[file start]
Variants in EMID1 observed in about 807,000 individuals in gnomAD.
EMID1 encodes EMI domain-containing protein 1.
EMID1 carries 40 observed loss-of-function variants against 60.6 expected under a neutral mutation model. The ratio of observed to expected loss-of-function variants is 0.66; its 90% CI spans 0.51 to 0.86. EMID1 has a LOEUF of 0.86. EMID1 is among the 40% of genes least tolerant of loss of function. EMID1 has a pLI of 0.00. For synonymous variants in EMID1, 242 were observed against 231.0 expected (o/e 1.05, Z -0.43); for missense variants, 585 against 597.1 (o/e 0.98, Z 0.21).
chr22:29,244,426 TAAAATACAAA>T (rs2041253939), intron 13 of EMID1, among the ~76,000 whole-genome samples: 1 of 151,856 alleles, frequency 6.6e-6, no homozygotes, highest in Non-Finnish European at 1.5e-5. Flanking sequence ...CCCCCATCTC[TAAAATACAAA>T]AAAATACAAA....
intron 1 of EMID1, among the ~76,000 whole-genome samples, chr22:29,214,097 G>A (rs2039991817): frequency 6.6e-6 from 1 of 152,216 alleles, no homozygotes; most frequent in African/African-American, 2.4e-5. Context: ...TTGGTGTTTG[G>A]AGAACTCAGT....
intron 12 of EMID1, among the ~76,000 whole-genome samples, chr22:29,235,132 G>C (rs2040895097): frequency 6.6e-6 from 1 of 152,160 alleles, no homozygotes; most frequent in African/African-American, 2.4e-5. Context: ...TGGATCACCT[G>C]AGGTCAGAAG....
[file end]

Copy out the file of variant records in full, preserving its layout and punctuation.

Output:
Variants in EMID1 observed in about 807,000 individuals in gnomAD.
EMID1 encodes EMI domain-containing protein 1.
EMID1 carries 40 observed loss-of-function variants against 60.6 expected under a neutral mutation model. The ratio of observed to expected loss-of-function variants is 0.66; its 90% CI spans 0.51 to 0.86. EMID1 has a LOEUF of 0.86. EMID1 is among the 40% of genes least tolerant of loss of function. EMID1 has a pLI of 0.00. For synonymous variants in EMID1, 242 were observed against 231.0 expected (o/e 1.05, Z -0.43); for missense variants, 585 against 597.1 (o/e 0.98, Z 0.21).
chr22:29,244,426 TAAAATACAAA>T (rs2041253939), intron 13 of EMID1, among the ~76,000 whole-genome samples: 1 of 151,856 alleles, frequency 6.6e-6, no homozygotes, highest in Non-Finnish European at 1.5e-5. Flanking sequence ...CCCCCATCTC[TAAAATACAAA>T]AAAATACAAA....
intron 1 of EMID1, among the ~76,000 whole-genome samples, chr22:29,214,097 G>A (rs2039991817): frequency 6.6e-6 from 1 of 152,216 alleles, no homozygotes; most frequent in African/African-American, 2.4e-5. Context: ...TTGGTGTTTG[G>A]AGAACTCAGT....
intron 12 of EMID1, among the ~76,000 whole-genome samples, chr22:29,235,132 G>C (rs2040895097): frequency 6.6e-6 from 1 of 152,160 alleles, no homozygotes; most frequent in African/African-American, 2.4e-5. Context: ...TGGATCACCT[G>C]AGGTCAGAAG....